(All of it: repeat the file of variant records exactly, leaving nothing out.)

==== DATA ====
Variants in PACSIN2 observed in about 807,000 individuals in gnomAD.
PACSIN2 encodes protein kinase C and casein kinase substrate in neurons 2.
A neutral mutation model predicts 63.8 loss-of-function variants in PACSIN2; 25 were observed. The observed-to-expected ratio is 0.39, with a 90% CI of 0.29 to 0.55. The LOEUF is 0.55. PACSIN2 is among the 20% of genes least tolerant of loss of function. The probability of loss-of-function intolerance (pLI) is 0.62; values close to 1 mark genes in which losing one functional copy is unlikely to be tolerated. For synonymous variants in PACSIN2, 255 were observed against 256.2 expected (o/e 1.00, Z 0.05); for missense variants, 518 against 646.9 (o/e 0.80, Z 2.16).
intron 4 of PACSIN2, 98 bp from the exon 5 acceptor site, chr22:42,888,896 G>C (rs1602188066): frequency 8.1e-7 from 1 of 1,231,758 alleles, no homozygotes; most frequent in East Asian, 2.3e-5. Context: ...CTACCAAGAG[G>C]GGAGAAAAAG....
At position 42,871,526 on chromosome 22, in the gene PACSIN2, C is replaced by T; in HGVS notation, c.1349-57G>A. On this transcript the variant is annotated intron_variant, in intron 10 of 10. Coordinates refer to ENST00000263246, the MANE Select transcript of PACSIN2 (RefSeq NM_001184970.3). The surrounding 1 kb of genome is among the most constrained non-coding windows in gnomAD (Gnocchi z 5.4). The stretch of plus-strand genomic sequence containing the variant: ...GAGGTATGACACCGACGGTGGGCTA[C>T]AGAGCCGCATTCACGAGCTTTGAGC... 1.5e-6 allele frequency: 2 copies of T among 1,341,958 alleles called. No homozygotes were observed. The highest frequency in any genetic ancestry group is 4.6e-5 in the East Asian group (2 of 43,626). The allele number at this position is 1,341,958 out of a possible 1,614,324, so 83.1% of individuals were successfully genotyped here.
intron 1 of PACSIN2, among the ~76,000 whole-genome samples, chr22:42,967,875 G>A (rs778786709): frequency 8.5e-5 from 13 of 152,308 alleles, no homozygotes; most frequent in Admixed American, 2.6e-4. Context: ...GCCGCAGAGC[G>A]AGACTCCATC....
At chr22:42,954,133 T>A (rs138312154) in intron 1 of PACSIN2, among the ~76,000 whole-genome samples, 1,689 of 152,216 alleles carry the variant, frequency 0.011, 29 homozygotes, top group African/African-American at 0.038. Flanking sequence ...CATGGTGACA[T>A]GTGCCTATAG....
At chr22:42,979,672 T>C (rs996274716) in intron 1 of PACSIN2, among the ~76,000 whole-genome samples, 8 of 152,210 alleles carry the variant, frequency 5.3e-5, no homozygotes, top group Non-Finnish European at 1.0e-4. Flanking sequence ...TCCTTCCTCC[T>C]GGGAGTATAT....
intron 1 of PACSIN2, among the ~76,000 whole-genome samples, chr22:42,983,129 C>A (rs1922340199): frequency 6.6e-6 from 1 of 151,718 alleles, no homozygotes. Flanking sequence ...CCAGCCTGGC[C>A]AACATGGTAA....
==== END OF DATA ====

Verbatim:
Variants in PACSIN2 observed in about 807,000 individuals in gnomAD.
PACSIN2 encodes protein kinase C and casein kinase substrate in neurons 2.
A neutral mutation model predicts 63.8 loss-of-function variants in PACSIN2; 25 were observed. The observed-to-expected ratio is 0.39, with a 90% CI of 0.29 to 0.55. The LOEUF is 0.55. PACSIN2 is among the 20% of genes least tolerant of loss of function. The probability of loss-of-function intolerance (pLI) is 0.62; values close to 1 mark genes in which losing one functional copy is unlikely to be tolerated. For synonymous variants in PACSIN2, 255 were observed against 256.2 expected (o/e 1.00, Z 0.05); for missense variants, 518 against 646.9 (o/e 0.80, Z 2.16).
intron 4 of PACSIN2, 98 bp from the exon 5 acceptor site, chr22:42,888,896 G>C (rs1602188066): frequency 8.1e-7 from 1 of 1,231,758 alleles, no homozygotes; most frequent in East Asian, 2.3e-5. Context: ...CTACCAAGAG[G>C]GGAGAAAAAG....
At position 42,871,526 on chromosome 22, in the gene PACSIN2, C is replaced by T; in HGVS notation, c.1349-57G>A. On this transcript the variant is annotated intron_variant, in intron 10 of 10. Coordinates refer to ENST00000263246, the MANE Select transcript of PACSIN2 (RefSeq NM_001184970.3). The surrounding 1 kb of genome is among the most constrained non-coding windows in gnomAD (Gnocchi z 5.4). The stretch of plus-strand genomic sequence containing the variant: ...GAGGTATGACACCGACGGTGGGCTA[C>T]AGAGCCGCATTCACGAGCTTTGAGC... 1.5e-6 allele frequency: 2 copies of T among 1,341,958 alleles called. No homozygotes were observed. The highest frequency in any genetic ancestry group is 4.6e-5 in the East Asian group (2 of 43,626). The allele number at this position is 1,341,958 out of a possible 1,614,324, so 83.1% of individuals were successfully genotyped here.
intron 1 of PACSIN2, among the ~76,000 whole-genome samples, chr22:42,967,875 G>A (rs778786709): frequency 8.5e-5 from 13 of 152,308 alleles, no homozygotes; most frequent in Admixed American, 2.6e-4. Context: ...GCCGCAGAGC[G>A]AGACTCCATC....
At chr22:42,954,133 T>A (rs138312154) in intron 1 of PACSIN2, among the ~76,000 whole-genome samples, 1,689 of 152,216 alleles carry the variant, frequency 0.011, 29 homozygotes, top group African/African-American at 0.038. Flanking sequence ...CATGGTGACA[T>A]GTGCCTATAG....
At chr22:42,979,672 T>C (rs996274716) in intron 1 of PACSIN2, among the ~76,000 whole-genome samples, 8 of 152,210 alleles carry the variant, frequency 5.3e-5, no homozygotes, top group Non-Finnish European at 1.0e-4. Flanking sequence ...TCCTTCCTCC[T>C]GGGAGTATAT....
intron 1 of PACSIN2, among the ~76,000 whole-genome samples, chr22:42,983,129 C>A (rs1922340199): frequency 6.6e-6 from 1 of 151,718 alleles, no homozygotes. Flanking sequence ...CCAGCCTGGC[C>A]AACATGGTAA....